Wednesday, February 4, 2009

Lawmakers call for action on burn pits

Lawmakers call for action on burn pits

By Kelly Kennedy - Staff writer
Posted : Wednesday Feb 4, 2009 9:43:47 EST

Seven members of Congress have added their names to a growing list of legislators concerned about service members who say burn pits in Iraq and Afghanistan have made them sick.

“It has come to our attention that a growing number of veterans who served in Iraq and Afghanistan are becoming sick and dying from what appears to be overexposure to dangerous toxins produced by burn pits used to destroy waste,” reads a letter from Rep. Tim Bishop, D-N.Y., to Eric Shinseki, the new secretary of veterans affairs. “Further conversations with other veterans have revealed that the armed forces have not investigated this threat adequately.”

Bishop’s office sent the letter Monday. It was also signed by Reps. Earl Blumenauer, D-Ore.; Bill Delahunt, D-Mass.; Maurice Hinchey, D-N.Y.; Keith Ellison, D-Minn.; Sander Levin, D-Mich.; and Allyson Schwartz, D-Pa.

Congress first heard about the issue, the letter states, after a series of stories came out in Military Times showing that service members were exposed to everything from burning petroleum products to plastics to batteries in burn pits used to dispose of waste at every base in Iraq and Afghanistan.

Tests showed the fires released dioxins, benzene and volatile organic compounds, including substances known to cause cancer. So far, 150 people have contacted Disabled American Veterans to say they are sick, and they believe the burn pits caused their ailments.

Of those 150, about 30 have lymphoma and leukemia. Other reported conditions include asthma, bronchitis, sleep apnea, chronic coughs, allergy-like symptoms and heart problems.

“After years of helping veterans of the Vietnam and Gulf wars cope with the health effects of toxic battlefields, we have learned that we must take exposures to toxins seriously to ensure that this generation of service members does not face the same difficulties,” the letter states.

The lawmakers ask Shinseki to use the Gulf War Advisory Committee to “investigate the combined effect of sand, burn pits, dioxins, benzene and volatile organic compounds” on veterans. They also want VA to compile statistics for the toxin levels in the blood of those who have served in Iraq and Afghanistan compared to those who have not.

And they ask that VA notify its doctors that “veterans have been exposed to chemicals from fires in Iraq and Afghanistan.”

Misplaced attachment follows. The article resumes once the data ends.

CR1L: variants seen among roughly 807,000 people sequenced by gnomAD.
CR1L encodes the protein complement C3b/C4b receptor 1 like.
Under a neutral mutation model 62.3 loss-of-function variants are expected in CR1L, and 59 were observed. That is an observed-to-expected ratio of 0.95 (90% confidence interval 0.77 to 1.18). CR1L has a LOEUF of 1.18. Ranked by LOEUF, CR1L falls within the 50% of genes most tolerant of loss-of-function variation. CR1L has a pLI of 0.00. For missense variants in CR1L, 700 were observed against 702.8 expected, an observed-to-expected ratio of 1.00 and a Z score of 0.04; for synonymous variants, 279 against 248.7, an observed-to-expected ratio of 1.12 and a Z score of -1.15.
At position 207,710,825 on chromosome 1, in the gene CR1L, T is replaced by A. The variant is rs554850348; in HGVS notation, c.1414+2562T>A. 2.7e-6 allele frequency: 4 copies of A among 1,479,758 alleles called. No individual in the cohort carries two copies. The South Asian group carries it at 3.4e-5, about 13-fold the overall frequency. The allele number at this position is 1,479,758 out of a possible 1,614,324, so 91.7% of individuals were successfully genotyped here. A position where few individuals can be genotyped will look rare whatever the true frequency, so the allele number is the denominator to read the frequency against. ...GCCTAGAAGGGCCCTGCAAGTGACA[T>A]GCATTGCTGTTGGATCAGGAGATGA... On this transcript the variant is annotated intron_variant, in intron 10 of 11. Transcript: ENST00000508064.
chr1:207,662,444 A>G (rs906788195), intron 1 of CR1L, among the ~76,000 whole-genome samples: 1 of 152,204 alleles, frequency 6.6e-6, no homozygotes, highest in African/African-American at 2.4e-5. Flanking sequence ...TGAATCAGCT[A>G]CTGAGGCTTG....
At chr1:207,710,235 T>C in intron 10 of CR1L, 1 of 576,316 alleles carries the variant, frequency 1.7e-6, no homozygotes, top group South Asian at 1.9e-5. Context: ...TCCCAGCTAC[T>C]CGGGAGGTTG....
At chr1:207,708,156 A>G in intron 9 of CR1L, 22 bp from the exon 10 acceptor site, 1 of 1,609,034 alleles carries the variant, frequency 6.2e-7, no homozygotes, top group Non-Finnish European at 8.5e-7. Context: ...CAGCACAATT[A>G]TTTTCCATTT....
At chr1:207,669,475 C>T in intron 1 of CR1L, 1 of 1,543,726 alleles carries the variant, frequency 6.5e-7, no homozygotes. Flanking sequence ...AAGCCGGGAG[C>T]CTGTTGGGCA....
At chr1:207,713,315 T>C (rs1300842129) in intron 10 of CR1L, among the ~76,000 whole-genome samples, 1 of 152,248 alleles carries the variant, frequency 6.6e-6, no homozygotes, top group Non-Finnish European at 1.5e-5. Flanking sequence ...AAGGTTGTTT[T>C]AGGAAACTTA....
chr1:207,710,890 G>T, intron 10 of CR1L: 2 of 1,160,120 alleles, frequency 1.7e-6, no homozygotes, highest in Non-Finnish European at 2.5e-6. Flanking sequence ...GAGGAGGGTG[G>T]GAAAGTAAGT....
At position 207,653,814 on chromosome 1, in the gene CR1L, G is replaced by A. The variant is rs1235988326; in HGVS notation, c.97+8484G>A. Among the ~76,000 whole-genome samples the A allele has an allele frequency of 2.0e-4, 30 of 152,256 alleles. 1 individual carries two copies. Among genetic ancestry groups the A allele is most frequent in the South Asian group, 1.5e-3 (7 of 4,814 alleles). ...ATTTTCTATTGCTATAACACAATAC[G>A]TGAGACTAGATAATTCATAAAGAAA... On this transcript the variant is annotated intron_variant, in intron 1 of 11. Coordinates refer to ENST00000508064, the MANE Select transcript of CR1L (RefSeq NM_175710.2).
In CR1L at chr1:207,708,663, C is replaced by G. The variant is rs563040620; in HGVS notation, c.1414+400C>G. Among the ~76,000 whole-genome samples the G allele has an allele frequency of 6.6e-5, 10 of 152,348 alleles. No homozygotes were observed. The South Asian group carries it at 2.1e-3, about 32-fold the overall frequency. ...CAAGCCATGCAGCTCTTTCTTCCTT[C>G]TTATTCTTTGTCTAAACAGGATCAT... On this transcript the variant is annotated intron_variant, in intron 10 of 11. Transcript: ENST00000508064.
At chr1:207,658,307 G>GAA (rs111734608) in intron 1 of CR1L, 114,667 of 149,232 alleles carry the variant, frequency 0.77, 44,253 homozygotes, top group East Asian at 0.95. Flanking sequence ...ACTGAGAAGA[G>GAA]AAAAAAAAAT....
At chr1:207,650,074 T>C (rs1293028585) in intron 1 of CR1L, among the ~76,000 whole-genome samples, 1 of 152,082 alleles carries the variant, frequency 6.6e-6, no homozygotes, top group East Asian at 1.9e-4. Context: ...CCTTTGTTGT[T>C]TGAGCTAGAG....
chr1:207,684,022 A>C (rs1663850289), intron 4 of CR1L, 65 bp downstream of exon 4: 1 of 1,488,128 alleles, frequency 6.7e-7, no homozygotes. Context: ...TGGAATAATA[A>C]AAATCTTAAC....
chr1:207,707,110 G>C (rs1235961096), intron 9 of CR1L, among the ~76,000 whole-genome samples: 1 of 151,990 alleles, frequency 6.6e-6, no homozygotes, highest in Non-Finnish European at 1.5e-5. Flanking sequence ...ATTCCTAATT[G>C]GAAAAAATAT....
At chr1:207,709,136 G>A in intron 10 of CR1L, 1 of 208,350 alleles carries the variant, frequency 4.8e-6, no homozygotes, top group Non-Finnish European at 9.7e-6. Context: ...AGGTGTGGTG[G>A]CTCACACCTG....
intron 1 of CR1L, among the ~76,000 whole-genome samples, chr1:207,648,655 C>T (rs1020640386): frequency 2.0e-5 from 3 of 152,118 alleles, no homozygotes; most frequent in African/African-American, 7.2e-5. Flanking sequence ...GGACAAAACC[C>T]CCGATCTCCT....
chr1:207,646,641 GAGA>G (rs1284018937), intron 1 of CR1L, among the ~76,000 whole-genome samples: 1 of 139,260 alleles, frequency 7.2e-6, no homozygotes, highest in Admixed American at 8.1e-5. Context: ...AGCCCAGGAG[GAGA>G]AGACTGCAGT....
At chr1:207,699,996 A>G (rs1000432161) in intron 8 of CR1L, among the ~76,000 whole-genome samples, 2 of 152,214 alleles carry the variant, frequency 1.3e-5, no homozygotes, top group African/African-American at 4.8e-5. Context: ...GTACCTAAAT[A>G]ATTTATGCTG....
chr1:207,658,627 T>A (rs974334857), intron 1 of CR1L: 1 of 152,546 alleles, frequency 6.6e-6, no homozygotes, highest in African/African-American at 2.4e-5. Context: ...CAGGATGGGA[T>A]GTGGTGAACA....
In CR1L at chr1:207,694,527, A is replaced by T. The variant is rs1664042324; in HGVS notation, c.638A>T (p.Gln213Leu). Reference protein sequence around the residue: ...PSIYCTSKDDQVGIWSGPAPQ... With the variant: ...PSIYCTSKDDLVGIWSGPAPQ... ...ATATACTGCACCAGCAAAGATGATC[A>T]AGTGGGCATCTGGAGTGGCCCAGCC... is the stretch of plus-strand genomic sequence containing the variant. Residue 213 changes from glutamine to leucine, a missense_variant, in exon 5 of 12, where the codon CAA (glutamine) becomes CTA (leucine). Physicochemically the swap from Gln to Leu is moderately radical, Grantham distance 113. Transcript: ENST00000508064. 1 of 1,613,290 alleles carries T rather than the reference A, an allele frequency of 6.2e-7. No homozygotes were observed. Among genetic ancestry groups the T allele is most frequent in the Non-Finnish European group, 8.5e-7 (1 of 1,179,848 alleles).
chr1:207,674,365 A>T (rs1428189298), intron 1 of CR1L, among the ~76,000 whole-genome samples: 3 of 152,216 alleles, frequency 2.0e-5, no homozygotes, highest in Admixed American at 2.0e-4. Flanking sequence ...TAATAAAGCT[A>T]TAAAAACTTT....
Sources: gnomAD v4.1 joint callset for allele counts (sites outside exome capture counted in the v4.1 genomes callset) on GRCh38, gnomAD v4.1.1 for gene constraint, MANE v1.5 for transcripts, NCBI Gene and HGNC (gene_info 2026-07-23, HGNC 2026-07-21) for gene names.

Meanwhile, Burke O’Neil LLC, a Washington, D.C., law firm that has filed a class-action lawsuit against defense contractor Kellogg, Brown & Root LLC for improperly disposing of waste and insufficiently sanitizing water supplies for U.S. troops in Iraq, has invited the 150 ill service members to join the suit, said Kerry Baker, DAV’s assistant legislative director.

So far, about 30 have done so, according to Elizabeth Burke, a lawyer with the firm, which plans to file its suit soon.

Burke O’Neil also filed a third class-action suit in Montgomery County, Md., dated Jan. 21, focusing on the way KBR disposed of waste in burn pits in Iraq and Afghanistan after several people came forward with cancer that they believe came from exposure to the burn pits, Burke said.

The lawsuit states that KBR “illegally burned biohazard materials, hydraulic fluids, lithium batteries and other hazardous materials in the open-air burn pits, causing noxious and unsafe smoke to drift over the base. Defendants burned tires, trucks, munitions boxes, and items containing pesticide residue.”

The suit accuses KBR of negligence, battery, nuisance, negligent and intentional infliction of emotional distress, product liability, willful and wanton conduct, negligent hiring, breach of duty to warn, and medical monitoring.

It asks for compensation for physical injuries, emotional distress, fear of future disease, and need for continued medical treatment and monitoring. It also asks that KBR be stripped of all revenue for the contracts the plaintiffs say the company violated.

Four plaintiffs have chronic respiratory illnesses, one has “weeping lesions” on his arms and feet, one has gastrointestinal illness, and one has reactive airways disease.

Baker is compiling a list of service members and veterans who believe they were exposed to the burn pits to make a case that VA should compensate people for their illnesses. His e-mail address is

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